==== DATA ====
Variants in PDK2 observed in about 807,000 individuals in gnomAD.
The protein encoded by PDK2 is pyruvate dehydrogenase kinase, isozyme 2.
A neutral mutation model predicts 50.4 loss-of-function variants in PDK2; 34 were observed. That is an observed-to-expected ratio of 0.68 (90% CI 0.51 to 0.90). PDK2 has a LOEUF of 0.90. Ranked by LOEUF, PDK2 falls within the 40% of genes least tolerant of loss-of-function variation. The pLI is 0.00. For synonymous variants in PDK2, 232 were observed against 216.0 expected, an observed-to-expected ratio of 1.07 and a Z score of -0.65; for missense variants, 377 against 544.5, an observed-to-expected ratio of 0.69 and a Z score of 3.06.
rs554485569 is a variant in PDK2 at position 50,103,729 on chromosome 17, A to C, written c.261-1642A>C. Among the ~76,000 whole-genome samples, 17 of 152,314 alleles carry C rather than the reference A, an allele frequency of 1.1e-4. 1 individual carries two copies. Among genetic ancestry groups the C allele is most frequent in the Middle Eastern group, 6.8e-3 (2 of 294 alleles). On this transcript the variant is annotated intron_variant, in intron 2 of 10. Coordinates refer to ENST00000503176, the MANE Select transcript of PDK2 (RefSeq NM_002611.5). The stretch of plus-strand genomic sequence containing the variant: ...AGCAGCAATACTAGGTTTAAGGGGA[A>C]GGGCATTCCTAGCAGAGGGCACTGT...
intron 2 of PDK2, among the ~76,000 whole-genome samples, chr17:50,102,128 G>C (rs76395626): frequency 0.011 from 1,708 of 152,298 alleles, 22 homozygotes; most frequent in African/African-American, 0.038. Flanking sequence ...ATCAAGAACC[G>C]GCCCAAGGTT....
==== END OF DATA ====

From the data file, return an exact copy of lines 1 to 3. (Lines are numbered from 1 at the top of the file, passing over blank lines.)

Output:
Variants in PDK2 observed in about 807,000 individuals in gnomAD.
The protein encoded by PDK2 is pyruvate dehydrogenase kinase, isozyme 2.
A neutral mutation model predicts 50.4 loss-of-function variants in PDK2; 34 were observed. That is an observed-to-expected ratio of 0.68 (90% CI 0.51 to 0.90). PDK2 has a LOEUF of 0.90. Ranked by LOEUF, PDK2 falls within the 40% of genes least tolerant of loss-of-function variation. The pLI is 0.00. For synonymous variants in PDK2, 232 were observed against 216.0 expected, an observed-to-expected ratio of 1.07 and a Z score of -0.65; for missense variants, 377 against 544.5, an observed-to-expected ratio of 0.69 and a Z score of 3.06.